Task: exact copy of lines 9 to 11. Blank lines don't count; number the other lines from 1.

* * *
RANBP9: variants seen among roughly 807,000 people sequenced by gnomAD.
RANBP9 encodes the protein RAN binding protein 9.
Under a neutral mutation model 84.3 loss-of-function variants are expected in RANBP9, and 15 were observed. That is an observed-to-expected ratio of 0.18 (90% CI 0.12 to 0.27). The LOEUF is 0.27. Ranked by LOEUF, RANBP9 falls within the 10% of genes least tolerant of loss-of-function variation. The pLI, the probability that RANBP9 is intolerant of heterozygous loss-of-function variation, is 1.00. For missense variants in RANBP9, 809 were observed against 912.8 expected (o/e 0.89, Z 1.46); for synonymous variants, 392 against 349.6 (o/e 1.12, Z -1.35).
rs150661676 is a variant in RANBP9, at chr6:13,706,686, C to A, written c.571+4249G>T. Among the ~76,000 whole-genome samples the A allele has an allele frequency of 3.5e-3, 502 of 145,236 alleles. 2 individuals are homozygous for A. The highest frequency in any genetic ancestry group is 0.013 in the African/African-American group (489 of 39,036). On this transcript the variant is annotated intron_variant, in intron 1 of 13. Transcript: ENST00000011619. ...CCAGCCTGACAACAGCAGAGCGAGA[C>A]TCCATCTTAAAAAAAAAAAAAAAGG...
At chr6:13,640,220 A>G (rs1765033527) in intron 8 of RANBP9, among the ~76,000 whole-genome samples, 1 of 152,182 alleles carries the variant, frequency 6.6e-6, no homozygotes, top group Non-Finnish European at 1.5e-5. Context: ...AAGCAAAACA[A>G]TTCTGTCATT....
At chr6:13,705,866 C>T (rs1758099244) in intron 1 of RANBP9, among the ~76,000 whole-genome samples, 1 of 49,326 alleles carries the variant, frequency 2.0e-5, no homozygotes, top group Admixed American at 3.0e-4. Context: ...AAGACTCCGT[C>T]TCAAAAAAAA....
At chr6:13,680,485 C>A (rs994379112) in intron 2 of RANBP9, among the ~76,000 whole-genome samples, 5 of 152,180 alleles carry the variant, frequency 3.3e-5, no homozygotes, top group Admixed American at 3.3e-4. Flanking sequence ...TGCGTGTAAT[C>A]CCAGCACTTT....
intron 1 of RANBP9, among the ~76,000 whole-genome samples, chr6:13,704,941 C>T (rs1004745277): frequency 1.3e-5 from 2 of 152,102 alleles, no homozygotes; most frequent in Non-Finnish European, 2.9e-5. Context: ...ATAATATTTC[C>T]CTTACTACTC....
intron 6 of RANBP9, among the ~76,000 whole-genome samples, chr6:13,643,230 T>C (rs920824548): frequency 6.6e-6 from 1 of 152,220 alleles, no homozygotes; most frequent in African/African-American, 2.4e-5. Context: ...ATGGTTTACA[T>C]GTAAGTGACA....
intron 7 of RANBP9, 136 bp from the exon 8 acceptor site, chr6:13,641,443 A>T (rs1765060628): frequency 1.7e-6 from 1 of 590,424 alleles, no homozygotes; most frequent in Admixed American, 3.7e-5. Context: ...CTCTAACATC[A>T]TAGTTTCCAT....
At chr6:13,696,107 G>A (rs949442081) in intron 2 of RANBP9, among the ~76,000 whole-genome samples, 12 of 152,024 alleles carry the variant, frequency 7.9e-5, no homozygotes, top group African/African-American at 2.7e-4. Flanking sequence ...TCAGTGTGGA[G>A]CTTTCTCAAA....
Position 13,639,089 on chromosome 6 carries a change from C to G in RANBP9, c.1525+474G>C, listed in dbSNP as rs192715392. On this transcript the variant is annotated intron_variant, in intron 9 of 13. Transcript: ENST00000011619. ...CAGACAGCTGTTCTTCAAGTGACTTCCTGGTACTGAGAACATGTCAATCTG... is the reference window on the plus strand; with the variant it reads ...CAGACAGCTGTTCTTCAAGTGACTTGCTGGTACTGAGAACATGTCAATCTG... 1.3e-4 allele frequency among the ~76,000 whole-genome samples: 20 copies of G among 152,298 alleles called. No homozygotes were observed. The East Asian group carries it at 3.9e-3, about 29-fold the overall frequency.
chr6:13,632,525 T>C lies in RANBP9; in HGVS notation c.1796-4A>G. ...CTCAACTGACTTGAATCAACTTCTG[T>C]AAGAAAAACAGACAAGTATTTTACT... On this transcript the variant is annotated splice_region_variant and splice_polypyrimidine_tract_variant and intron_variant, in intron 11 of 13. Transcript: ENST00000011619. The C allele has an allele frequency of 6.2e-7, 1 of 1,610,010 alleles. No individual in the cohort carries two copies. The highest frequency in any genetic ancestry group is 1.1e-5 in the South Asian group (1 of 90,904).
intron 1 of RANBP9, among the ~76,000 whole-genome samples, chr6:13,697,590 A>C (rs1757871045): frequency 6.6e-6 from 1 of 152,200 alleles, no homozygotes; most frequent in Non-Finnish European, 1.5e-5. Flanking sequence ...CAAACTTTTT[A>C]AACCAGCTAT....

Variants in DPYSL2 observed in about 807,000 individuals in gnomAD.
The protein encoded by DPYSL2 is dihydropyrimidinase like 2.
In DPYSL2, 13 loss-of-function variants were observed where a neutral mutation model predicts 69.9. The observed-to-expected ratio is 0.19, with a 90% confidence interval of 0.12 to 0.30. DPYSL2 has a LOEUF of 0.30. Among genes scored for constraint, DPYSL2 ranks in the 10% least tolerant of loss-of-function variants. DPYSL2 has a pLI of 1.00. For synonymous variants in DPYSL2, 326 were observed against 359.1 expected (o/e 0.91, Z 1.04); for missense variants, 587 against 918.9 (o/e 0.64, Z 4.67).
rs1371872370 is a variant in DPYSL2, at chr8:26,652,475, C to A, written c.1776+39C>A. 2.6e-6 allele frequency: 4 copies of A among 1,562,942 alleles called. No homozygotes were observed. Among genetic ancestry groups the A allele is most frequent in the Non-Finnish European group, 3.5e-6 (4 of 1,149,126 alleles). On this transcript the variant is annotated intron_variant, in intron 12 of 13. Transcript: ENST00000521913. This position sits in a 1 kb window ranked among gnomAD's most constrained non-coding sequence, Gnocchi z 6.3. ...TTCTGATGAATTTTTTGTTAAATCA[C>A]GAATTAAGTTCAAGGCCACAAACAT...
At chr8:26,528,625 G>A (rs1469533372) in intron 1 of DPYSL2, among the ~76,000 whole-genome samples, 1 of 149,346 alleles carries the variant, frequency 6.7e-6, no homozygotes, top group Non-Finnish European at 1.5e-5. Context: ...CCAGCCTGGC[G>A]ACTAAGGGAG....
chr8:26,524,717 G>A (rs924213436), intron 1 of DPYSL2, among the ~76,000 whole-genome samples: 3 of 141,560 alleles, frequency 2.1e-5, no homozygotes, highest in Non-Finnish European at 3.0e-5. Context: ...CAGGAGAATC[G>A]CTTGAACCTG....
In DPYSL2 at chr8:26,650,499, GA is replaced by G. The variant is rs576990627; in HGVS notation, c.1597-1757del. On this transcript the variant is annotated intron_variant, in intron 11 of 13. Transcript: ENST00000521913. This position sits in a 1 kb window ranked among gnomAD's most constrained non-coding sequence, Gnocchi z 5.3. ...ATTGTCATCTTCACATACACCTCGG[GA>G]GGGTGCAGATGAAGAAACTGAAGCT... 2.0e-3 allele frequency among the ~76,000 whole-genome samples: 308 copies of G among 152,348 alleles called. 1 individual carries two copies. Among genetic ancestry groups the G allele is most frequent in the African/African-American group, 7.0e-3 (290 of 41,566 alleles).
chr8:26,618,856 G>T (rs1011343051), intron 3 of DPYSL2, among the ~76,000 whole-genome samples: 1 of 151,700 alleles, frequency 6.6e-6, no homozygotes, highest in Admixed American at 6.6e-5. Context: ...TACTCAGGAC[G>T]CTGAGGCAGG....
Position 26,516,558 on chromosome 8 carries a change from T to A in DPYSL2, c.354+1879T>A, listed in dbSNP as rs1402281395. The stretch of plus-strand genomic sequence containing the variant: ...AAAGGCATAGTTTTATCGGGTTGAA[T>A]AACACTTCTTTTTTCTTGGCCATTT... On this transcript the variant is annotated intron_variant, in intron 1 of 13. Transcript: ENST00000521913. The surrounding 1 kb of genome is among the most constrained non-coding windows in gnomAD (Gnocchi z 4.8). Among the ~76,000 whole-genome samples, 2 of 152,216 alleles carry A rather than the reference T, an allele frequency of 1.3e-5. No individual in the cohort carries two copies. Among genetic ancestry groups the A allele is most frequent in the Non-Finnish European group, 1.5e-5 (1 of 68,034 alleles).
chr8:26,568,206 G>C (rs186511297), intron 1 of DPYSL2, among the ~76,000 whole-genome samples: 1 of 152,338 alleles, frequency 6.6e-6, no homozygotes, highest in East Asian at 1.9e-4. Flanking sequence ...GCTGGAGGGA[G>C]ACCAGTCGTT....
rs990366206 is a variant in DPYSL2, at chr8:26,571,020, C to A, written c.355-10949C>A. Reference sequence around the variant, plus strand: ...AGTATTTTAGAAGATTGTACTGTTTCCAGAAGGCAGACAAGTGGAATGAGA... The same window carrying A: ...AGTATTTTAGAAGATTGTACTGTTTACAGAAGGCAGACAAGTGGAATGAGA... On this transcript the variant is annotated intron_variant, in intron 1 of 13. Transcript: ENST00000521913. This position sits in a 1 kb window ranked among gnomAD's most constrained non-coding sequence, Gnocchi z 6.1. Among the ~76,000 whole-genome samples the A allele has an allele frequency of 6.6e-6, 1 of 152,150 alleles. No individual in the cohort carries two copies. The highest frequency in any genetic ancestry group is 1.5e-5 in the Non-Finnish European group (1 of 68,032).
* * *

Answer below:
intron 6 of RANBP9, among the ~76,000 whole-genome samples, chr6:13,643,230 T>C (rs920824548): frequency 6.6e-6 from 1 of 152,220 alleles, no homozygotes; most frequent in African/African-American, 2.4e-5. Context: ...ATGGTTTACA[T>C]GTAAGTGACA....
intron 7 of RANBP9, 136 bp from the exon 8 acceptor site, chr6:13,641,443 A>T (rs1765060628): frequency 1.7e-6 from 1 of 590,424 alleles, no homozygotes; most frequent in Admixed American, 3.7e-5. Context: ...CTCTAACATC[A>T]TAGTTTCCAT....
At chr6:13,696,107 G>A (rs949442081) in intron 2 of RANBP9, among the ~76,000 whole-genome samples, 12 of 152,024 alleles carry the variant, frequency 7.9e-5, no homozygotes, top group African/African-American at 2.7e-4. Flanking sequence ...TCAGTGTGGA[G>A]CTTTCTCAAA....